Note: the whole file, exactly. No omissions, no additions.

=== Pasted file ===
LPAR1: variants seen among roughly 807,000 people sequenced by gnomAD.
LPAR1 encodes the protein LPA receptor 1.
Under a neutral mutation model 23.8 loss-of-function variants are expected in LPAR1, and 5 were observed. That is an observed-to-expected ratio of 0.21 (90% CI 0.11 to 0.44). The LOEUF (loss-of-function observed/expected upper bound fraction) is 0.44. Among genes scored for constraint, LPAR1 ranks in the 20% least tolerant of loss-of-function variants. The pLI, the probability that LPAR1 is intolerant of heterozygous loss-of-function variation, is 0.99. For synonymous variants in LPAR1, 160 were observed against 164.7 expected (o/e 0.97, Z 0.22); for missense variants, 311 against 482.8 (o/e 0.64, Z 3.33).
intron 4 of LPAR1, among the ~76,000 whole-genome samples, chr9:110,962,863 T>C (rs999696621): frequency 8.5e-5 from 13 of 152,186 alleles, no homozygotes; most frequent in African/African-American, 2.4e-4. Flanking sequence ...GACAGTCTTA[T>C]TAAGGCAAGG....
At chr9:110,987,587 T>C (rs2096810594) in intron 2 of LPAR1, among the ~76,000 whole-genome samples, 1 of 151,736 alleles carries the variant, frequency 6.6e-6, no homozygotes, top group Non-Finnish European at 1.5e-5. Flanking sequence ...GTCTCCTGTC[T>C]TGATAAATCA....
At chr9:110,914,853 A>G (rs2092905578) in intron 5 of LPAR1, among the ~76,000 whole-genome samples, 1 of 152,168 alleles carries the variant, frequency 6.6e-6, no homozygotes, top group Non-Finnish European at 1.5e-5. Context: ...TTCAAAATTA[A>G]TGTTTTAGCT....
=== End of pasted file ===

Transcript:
LPAR1: variants seen among roughly 807,000 people sequenced by gnomAD.
LPAR1 encodes the protein LPA receptor 1.
Under a neutral mutation model 23.8 loss-of-function variants are expected in LPAR1, and 5 were observed. That is an observed-to-expected ratio of 0.21 (90% CI 0.11 to 0.44). The LOEUF (loss-of-function observed/expected upper bound fraction) is 0.44. Among genes scored for constraint, LPAR1 ranks in the 20% least tolerant of loss-of-function variants. The pLI, the probability that LPAR1 is intolerant of heterozygous loss-of-function variation, is 0.99. For synonymous variants in LPAR1, 160 were observed against 164.7 expected (o/e 0.97, Z 0.22); for missense variants, 311 against 482.8 (o/e 0.64, Z 3.33).
intron 4 of LPAR1, among the ~76,000 whole-genome samples, chr9:110,962,863 T>C (rs999696621): frequency 8.5e-5 from 13 of 152,186 alleles, no homozygotes; most frequent in African/African-American, 2.4e-4. Flanking sequence ...GACAGTCTTA[T>C]TAAGGCAAGG....
At chr9:110,987,587 T>C (rs2096810594) in intron 2 of LPAR1, among the ~76,000 whole-genome samples, 1 of 151,736 alleles carries the variant, frequency 6.6e-6, no homozygotes, top group Non-Finnish European at 1.5e-5. Flanking sequence ...GTCTCCTGTC[T>C]TGATAAATCA....
At chr9:110,914,853 A>G (rs2092905578) in intron 5 of LPAR1, among the ~76,000 whole-genome samples, 1 of 152,168 alleles carries the variant, frequency 6.6e-6, no homozygotes, top group Non-Finnish European at 1.5e-5. Context: ...TTCAAAATTA[A>G]TGTTTTAGCT....